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Sonate und Sonatina für Violoncello und Klavier von Kodály im gattungsgeschichtlichen Zusammenhang

Niemöller, Klaus (2009) Sonate und Sonatina für Violoncello und Klavier von Kodály im gattungsgeschichtlichen Zusammenhang. Studia Musicologica, 50 (1-2). pp. 49-74. ISSN 1788-6244

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Abstract

The history of the genre of the sonata written for violoncello and pianoforte begins in 1796 with the five sonatas by Beethoven opp. 5, 69 and 102. The sonata op. 69 is a model for its special role until the 20th century: the lyrical character of the opening theme with a fantasy-like closing solo-cadenza and a fermata. Since the 1st Sonata of Brahms (1865), it was mostly young composers like Strauss (op. 6), Pfitzner (op. 1), Reger (op. 5) and Dohnányi (op. 8) who followed this tradition. As also the Sonata op. 4 by the young composer Kodály (1909) whose opening Adagio as “Fantasia” has the same conceptions: rhapsodic melody with closing cadenza and a fermata. The final return of the Adagio establishes a cyclic unity. The first performance of the sonata in 1910 with string quartets by Kodály and Bartók founded the beginning of modern music in Hungary. Also the Sonatina, originally the 3rd part of Sonata, published in 1922, has a Lento-introduction with rhapsodic-like parts wich begins a process-like evolution of composition. A relationship with the special features of the Sonata for Cello and Piano in the history of the genre includes also works by Debussy (1915) and Hindemith (1919).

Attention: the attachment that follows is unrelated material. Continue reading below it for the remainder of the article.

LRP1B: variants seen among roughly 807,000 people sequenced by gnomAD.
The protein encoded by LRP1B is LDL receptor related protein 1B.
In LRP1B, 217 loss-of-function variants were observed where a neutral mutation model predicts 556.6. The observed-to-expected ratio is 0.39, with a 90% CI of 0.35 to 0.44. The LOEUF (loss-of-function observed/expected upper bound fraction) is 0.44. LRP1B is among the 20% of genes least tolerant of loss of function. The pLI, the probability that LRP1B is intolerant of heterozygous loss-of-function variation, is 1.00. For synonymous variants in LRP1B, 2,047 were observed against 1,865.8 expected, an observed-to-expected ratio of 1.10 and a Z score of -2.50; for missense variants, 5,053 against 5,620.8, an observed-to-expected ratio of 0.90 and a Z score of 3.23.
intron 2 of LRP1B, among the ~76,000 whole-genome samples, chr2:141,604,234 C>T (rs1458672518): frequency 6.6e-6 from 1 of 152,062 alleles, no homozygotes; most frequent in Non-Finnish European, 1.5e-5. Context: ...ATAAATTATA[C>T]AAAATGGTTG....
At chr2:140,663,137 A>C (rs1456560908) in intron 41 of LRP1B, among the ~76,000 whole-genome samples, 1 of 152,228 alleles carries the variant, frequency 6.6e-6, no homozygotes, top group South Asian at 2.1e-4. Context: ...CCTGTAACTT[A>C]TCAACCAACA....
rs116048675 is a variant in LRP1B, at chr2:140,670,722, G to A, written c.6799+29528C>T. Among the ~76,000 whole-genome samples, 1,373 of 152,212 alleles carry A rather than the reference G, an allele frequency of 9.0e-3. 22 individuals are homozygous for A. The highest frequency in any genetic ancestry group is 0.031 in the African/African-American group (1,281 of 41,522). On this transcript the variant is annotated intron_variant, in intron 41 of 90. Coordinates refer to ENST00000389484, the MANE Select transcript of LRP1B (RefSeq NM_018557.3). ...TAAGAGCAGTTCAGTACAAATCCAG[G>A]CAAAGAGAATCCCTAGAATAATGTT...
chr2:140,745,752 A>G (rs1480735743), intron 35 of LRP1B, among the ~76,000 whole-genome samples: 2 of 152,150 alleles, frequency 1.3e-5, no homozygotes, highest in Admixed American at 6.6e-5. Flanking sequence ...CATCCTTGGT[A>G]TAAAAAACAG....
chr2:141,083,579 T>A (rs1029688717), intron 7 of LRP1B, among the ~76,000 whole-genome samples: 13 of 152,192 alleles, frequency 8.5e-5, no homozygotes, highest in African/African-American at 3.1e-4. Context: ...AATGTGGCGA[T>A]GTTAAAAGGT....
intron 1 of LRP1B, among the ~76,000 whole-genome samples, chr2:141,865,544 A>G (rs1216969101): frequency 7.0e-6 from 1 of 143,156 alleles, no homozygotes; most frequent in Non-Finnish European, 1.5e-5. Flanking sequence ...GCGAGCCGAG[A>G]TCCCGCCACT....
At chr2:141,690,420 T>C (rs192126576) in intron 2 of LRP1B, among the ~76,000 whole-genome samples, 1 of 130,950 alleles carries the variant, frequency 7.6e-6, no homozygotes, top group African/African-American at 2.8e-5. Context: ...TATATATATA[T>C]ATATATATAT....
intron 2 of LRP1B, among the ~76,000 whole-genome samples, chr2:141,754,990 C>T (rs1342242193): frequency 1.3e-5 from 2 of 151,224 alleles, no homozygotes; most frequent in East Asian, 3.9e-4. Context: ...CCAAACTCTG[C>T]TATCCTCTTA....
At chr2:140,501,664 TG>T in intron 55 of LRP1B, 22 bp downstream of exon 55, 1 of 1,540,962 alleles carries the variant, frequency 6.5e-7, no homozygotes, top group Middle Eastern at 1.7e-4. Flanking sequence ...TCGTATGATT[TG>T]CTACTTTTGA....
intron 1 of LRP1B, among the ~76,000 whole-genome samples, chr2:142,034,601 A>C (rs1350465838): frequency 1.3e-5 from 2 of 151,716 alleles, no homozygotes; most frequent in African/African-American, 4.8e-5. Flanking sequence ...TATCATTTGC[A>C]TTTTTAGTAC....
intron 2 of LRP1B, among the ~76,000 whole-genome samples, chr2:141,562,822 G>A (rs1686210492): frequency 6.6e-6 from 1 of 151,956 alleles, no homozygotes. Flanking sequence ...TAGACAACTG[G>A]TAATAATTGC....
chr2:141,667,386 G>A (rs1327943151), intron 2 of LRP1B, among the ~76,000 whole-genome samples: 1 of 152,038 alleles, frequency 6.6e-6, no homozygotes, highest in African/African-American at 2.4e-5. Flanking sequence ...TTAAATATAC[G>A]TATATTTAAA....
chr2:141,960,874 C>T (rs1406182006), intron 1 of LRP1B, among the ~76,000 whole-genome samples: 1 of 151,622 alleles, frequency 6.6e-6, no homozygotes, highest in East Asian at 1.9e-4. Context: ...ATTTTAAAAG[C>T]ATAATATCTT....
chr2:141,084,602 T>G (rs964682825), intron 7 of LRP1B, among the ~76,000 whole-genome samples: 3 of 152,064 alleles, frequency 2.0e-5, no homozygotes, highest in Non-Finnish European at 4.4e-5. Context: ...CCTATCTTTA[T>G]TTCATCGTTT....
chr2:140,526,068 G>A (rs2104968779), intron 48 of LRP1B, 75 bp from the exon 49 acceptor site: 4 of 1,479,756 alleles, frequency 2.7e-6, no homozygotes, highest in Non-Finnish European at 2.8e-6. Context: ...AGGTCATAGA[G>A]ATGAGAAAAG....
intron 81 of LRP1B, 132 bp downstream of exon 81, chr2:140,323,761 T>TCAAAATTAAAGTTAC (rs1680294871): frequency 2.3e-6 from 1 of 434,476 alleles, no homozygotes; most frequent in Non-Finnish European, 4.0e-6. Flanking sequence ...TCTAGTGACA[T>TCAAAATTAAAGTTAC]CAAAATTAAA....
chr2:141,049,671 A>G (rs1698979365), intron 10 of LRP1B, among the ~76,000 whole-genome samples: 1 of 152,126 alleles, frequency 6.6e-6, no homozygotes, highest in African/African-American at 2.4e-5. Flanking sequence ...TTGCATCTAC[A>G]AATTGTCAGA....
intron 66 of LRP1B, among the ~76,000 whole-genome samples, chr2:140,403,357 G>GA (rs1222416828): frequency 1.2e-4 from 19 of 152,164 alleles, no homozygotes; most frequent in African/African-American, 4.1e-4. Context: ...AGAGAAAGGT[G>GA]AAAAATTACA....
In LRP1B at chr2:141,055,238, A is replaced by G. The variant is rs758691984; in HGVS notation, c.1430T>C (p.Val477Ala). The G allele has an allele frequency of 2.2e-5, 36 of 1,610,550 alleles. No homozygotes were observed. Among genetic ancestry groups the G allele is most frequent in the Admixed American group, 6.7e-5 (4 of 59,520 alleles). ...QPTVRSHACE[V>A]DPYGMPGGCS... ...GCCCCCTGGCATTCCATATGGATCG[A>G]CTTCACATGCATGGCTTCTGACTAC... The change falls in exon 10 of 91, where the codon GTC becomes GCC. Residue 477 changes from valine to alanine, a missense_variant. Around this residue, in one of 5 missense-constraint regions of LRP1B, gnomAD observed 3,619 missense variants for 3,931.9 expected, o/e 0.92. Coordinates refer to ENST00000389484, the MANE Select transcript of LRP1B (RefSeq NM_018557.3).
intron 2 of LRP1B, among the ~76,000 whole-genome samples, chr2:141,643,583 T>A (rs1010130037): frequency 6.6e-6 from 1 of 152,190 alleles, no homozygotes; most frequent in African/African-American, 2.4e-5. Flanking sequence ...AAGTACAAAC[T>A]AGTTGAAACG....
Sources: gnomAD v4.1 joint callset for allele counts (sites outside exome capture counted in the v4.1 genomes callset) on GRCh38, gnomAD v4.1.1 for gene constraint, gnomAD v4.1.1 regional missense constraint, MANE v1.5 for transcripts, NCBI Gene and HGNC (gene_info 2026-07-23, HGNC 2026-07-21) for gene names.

Item Type: Article
Subjects: M Music and Books on Music / zene, szövegkönyvek, kották > M1 Music / zene
M Music and Books on Music / zene, szövegkönyvek, kották > M1 Music / zene > M10 Theory and philosophy of music / zeneelmélet, muzikológia
Depositing User: Endre Sarvay
Date Deposited: 09 Oct 2017 15:18
Last Modified: 09 Oct 2017 15:18
URI: http://real.mtak.hu/id/eprint/65434

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